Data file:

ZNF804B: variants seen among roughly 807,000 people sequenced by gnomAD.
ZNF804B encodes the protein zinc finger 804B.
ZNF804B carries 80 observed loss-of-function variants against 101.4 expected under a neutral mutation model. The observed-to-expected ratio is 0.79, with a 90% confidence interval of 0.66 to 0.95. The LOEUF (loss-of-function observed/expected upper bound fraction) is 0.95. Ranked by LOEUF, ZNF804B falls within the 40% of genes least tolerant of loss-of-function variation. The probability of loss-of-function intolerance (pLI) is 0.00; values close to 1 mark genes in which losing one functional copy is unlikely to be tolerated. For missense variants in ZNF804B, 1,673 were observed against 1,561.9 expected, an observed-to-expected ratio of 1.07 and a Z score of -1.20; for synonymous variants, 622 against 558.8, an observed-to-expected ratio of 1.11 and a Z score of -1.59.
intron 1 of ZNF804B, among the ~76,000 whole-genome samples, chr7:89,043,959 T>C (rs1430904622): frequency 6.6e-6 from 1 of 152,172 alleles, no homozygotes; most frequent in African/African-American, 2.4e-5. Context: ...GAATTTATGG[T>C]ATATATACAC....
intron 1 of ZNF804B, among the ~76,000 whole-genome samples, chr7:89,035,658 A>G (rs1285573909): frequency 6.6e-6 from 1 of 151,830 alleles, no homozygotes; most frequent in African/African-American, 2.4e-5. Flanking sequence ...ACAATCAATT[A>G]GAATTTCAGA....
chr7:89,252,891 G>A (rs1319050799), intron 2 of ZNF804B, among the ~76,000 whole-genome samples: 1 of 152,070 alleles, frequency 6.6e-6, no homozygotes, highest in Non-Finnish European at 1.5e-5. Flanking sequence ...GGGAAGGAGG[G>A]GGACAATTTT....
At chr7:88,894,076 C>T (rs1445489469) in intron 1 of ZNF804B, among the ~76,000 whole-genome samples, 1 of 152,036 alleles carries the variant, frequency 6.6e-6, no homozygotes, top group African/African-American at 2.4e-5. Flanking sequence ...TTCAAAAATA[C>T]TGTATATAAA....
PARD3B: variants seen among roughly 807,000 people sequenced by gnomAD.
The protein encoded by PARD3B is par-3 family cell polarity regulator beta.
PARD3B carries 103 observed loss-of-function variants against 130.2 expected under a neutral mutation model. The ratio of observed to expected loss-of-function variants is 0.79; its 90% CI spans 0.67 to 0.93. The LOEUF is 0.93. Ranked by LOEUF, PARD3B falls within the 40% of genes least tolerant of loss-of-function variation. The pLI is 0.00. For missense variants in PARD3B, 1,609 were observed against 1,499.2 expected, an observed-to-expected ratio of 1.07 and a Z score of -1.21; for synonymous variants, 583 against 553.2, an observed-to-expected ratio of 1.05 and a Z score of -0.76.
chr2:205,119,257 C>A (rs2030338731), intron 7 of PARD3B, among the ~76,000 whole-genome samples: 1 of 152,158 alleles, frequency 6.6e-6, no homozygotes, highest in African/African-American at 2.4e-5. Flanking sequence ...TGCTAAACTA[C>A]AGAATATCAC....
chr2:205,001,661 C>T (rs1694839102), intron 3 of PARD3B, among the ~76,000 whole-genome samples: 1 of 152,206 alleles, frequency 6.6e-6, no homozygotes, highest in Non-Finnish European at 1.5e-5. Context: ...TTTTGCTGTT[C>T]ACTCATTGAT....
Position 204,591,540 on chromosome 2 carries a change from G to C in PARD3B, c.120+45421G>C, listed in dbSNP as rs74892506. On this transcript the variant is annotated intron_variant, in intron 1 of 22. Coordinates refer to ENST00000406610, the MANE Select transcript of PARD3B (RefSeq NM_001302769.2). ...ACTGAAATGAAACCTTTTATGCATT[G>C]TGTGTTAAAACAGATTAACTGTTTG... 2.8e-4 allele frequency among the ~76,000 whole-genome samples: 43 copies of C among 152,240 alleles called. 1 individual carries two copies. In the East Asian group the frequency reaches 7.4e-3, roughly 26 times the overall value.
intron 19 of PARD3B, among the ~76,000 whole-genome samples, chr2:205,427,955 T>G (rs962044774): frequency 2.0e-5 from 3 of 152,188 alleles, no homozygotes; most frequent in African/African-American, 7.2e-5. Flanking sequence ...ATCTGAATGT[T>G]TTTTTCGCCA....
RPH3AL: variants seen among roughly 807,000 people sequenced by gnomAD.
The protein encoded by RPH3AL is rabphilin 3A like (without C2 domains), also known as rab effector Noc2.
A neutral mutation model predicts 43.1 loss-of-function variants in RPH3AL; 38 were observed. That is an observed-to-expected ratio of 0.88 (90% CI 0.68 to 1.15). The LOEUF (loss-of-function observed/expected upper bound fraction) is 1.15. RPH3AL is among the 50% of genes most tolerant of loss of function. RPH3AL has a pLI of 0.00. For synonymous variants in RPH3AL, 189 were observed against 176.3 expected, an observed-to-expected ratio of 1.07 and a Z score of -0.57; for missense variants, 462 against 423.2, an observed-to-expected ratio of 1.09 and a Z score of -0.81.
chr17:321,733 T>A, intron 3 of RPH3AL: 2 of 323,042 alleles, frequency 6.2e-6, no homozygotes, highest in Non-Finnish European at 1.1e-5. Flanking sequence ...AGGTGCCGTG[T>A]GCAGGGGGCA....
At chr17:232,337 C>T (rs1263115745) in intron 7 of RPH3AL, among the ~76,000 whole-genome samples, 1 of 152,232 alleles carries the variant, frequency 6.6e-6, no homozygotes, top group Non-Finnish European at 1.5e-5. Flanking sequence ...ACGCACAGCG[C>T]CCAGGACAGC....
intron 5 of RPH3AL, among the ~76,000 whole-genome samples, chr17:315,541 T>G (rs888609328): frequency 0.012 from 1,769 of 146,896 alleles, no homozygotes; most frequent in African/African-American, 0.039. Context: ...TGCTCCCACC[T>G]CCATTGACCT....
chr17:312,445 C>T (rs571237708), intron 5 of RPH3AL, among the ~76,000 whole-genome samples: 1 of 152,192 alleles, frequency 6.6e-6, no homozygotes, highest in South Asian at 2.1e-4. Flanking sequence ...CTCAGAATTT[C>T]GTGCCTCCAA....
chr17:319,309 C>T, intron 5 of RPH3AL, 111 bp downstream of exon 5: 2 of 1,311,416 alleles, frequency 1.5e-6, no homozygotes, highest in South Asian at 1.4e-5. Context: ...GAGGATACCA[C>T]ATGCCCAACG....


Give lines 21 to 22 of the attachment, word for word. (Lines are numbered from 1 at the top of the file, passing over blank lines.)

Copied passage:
chr17:312,445 C>T (rs571237708), intron 5 of RPH3AL, among the ~76,000 whole-genome samples: 1 of 152,192 alleles, frequency 6.6e-6, no homozygotes, highest in South Asian at 2.1e-4. Flanking sequence ...CTCAGAATTT[C>T]GTGCCTCCAA....
chr17:319,309 C>T, intron 5 of RPH3AL, 111 bp downstream of exon 5: 2 of 1,311,416 alleles, frequency 1.5e-6, no homozygotes, highest in South Asian at 1.4e-5. Context: ...GAGGATACCA[C>T]ATGCCCAACG....